Playing Out the Parable

by Arthur W. Anderson

Arthur Anderson

Oh, what disillusionment befalls us when we think we know all about what is expected of us! For example, as a minister, I would assume that if I was asked to fulfill my calling on any given Sunday, I would preach and do such other things a normal service requires. (I’m not alluding to the conflict between traditional and contemporary which seems to hassle us currently.) But what would you think about the powers that be asking me to come dressed as an unwelcome bum? Yes, a derelict off the streets. (How fitting, a friend said.) Not only that, but I will not be allowed to enter the church until the service is half over. Forget the meaty sermon I had prepared! Yes, the coming Sunday, that’s me, trench coat, slouched hat, scuffed shoes and all. And walking like an old boxcar Willie, shuffling his feet. (I am perfect for that part.)

Well, when this was broached to me after the service the Sunday before last, my up-beat post-sermon attitude was somewhat deflated. The young lady with the degree in dramatics assured me that all would be well. In a weak moment I said I thought I could. Subsequent reflections kept me hoping the idea would be scratched. But no such escape. The cause behind it was one I could enthusiastically espouse: a service in tune with Love, Incorporated, a national organization helping the church to aid the helpless, the needy, the troubled, and the abused. When I heard my young friends say that Christians are not only to share their faith verbally but must do so in action which really helps the disenfranchised in the city, I was hooked. It seems to me that churches easily become self-absorbed, committed to self-serving causes, and forget the people around them, especially the hurting folks. We find some high-level logic to justify why we cannot respond to a cry for help, material or otherwise. We find air-tight reasons for why we need to spend more time and money on ourselves. So, to hear young Christians get passionate about that, I’ll bum it any day! And when I realized that the best sermon I could preach would be to be a hobo who came down the aisle only to discover it was just the preacher, I took to the role.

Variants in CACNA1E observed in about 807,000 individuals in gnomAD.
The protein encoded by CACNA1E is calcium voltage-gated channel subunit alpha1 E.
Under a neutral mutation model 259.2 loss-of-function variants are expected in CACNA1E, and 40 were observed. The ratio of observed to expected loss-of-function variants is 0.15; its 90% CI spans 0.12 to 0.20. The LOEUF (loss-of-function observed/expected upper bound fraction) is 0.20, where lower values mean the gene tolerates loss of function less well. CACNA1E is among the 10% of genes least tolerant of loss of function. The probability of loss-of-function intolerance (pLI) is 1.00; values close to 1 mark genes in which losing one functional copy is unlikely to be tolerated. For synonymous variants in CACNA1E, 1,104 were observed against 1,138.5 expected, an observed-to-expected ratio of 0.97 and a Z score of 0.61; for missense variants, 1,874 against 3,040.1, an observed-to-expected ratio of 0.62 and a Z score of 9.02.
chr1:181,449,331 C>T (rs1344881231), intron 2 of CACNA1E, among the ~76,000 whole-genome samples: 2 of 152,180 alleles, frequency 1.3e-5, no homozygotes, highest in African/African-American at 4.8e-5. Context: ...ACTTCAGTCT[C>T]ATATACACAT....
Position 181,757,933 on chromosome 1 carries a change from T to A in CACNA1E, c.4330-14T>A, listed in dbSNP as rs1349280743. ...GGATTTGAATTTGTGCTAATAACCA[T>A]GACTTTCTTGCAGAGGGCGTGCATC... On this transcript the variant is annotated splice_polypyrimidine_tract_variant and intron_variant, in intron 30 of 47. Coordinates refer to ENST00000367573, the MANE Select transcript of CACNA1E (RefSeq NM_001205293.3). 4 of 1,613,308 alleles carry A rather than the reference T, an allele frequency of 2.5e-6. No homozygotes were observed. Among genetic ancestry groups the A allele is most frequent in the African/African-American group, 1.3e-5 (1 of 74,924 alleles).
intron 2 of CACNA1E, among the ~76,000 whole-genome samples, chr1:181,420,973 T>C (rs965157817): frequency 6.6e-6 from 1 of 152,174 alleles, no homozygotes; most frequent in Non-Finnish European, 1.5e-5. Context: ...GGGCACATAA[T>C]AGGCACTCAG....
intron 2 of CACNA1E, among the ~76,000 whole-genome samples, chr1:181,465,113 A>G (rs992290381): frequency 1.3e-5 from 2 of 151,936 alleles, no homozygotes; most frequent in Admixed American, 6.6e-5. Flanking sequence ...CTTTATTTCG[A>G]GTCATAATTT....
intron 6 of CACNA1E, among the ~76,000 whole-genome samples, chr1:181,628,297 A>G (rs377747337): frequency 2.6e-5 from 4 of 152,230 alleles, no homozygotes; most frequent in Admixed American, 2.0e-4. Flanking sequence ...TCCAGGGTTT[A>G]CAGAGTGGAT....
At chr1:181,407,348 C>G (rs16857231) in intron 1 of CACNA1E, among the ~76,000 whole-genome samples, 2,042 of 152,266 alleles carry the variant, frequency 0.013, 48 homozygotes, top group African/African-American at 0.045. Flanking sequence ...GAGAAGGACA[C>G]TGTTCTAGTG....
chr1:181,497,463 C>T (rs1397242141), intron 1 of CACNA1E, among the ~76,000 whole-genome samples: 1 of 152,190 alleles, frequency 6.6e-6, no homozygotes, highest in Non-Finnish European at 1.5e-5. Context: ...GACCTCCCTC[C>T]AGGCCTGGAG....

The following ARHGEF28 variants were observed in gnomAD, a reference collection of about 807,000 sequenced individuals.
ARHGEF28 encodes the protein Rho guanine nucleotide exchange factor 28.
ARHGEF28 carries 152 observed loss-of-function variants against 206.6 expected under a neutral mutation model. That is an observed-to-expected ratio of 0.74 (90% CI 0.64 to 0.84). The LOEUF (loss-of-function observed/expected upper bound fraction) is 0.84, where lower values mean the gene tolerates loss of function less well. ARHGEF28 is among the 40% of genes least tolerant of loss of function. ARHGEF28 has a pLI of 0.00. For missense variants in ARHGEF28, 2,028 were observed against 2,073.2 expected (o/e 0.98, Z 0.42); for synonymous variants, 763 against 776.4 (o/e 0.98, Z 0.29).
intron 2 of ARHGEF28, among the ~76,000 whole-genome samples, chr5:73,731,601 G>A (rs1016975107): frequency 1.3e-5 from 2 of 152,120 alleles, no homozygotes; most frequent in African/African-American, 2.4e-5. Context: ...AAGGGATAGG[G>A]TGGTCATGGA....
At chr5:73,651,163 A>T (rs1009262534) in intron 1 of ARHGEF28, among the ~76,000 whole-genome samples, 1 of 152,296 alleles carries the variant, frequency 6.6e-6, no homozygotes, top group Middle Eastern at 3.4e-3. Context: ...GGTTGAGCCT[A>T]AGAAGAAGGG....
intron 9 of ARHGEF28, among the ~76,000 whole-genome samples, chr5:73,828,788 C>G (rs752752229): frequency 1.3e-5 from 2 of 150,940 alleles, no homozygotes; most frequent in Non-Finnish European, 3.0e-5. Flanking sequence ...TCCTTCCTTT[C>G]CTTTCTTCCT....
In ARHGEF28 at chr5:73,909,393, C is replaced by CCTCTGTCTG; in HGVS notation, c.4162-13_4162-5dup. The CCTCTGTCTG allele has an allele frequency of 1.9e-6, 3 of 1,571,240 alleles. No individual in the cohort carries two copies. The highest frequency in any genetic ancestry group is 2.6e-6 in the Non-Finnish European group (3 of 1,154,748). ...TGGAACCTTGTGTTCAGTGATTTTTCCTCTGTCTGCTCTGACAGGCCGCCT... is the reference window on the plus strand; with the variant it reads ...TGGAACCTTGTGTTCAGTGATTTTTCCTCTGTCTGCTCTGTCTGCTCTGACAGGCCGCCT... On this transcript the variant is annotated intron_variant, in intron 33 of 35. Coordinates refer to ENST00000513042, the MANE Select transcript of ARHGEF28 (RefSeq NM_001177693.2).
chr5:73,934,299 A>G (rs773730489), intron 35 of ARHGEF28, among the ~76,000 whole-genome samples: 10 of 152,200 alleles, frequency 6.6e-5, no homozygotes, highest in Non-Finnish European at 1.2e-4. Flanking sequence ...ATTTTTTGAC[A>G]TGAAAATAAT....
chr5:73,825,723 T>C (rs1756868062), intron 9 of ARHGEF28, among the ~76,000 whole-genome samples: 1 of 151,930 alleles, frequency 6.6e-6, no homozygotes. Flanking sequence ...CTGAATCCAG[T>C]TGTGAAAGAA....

When I realized that Jeremiah acted out parables, one by purchasing a new loin cloth and burying it by a river and another by smashing a clay pot, I couldn’t be in better company. Most of us are more convinced by what we see than by what we hear. Sören Kierkegaard believed that without risk there is no faith. What better risk is there than playing the fool, for which I have a natural competence! I may blow the cover and be prematurely discovered. Some smart cookie in the congregation may divine what it is all about and whisper it so as to be overheard. But so what, it is still a parable. Many there are who think they know what a parable told is all about. And even a fool can smile!

I take worship seriously. It is awful. It is glorious. God is a majestic, mighty God, and we worship him in "spirit and in truth." And we have to keep our greasy paws off the holy altar. But worship is also holy play which cheers the heart of Him who often wonders if we really care!